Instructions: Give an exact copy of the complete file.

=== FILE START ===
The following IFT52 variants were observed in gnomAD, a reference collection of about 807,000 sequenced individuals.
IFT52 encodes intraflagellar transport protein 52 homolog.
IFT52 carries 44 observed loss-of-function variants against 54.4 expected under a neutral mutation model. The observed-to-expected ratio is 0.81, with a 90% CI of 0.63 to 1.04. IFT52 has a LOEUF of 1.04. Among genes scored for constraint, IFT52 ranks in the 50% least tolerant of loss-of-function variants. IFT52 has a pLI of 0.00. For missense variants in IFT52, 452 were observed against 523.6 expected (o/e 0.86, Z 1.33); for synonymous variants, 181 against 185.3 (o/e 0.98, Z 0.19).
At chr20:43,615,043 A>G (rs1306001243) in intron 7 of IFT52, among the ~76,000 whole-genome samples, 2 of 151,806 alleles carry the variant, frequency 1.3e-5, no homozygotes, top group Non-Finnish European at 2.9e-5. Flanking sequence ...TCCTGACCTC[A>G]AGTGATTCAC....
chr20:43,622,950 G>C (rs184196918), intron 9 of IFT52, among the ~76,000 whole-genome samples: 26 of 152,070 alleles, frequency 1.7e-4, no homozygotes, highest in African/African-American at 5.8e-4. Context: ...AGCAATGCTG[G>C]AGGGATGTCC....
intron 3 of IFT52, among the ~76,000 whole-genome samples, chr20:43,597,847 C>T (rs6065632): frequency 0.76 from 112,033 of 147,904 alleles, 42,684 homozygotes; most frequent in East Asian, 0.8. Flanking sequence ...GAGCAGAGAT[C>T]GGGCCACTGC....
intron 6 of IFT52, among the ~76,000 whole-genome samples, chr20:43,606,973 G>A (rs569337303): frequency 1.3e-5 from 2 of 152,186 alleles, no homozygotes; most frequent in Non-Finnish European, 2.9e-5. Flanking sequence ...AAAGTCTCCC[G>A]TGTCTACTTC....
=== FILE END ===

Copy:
The following IFT52 variants were observed in gnomAD, a reference collection of about 807,000 sequenced individuals.
IFT52 encodes intraflagellar transport protein 52 homolog.
IFT52 carries 44 observed loss-of-function variants against 54.4 expected under a neutral mutation model. The observed-to-expected ratio is 0.81, with a 90% CI of 0.63 to 1.04. IFT52 has a LOEUF of 1.04. Among genes scored for constraint, IFT52 ranks in the 50% least tolerant of loss-of-function variants. IFT52 has a pLI of 0.00. For missense variants in IFT52, 452 were observed against 523.6 expected (o/e 0.86, Z 1.33); for synonymous variants, 181 against 185.3 (o/e 0.98, Z 0.19).
At chr20:43,615,043 A>G (rs1306001243) in intron 7 of IFT52, among the ~76,000 whole-genome samples, 2 of 151,806 alleles carry the variant, frequency 1.3e-5, no homozygotes, top group Non-Finnish European at 2.9e-5. Flanking sequence ...TCCTGACCTC[A>G]AGTGATTCAC....
chr20:43,622,950 G>C (rs184196918), intron 9 of IFT52, among the ~76,000 whole-genome samples: 26 of 152,070 alleles, frequency 1.7e-4, no homozygotes, highest in African/African-American at 5.8e-4. Context: ...AGCAATGCTG[G>C]AGGGATGTCC....
intron 3 of IFT52, among the ~76,000 whole-genome samples, chr20:43,597,847 C>T (rs6065632): frequency 0.76 from 112,033 of 147,904 alleles, 42,684 homozygotes; most frequent in East Asian, 0.8. Flanking sequence ...GAGCAGAGAT[C>T]GGGCCACTGC....
intron 6 of IFT52, among the ~76,000 whole-genome samples, chr20:43,606,973 G>A (rs569337303): frequency 1.3e-5 from 2 of 152,186 alleles, no homozygotes; most frequent in Non-Finnish European, 2.9e-5. Flanking sequence ...AAAGTCTCCC[G>A]TGTCTACTTC....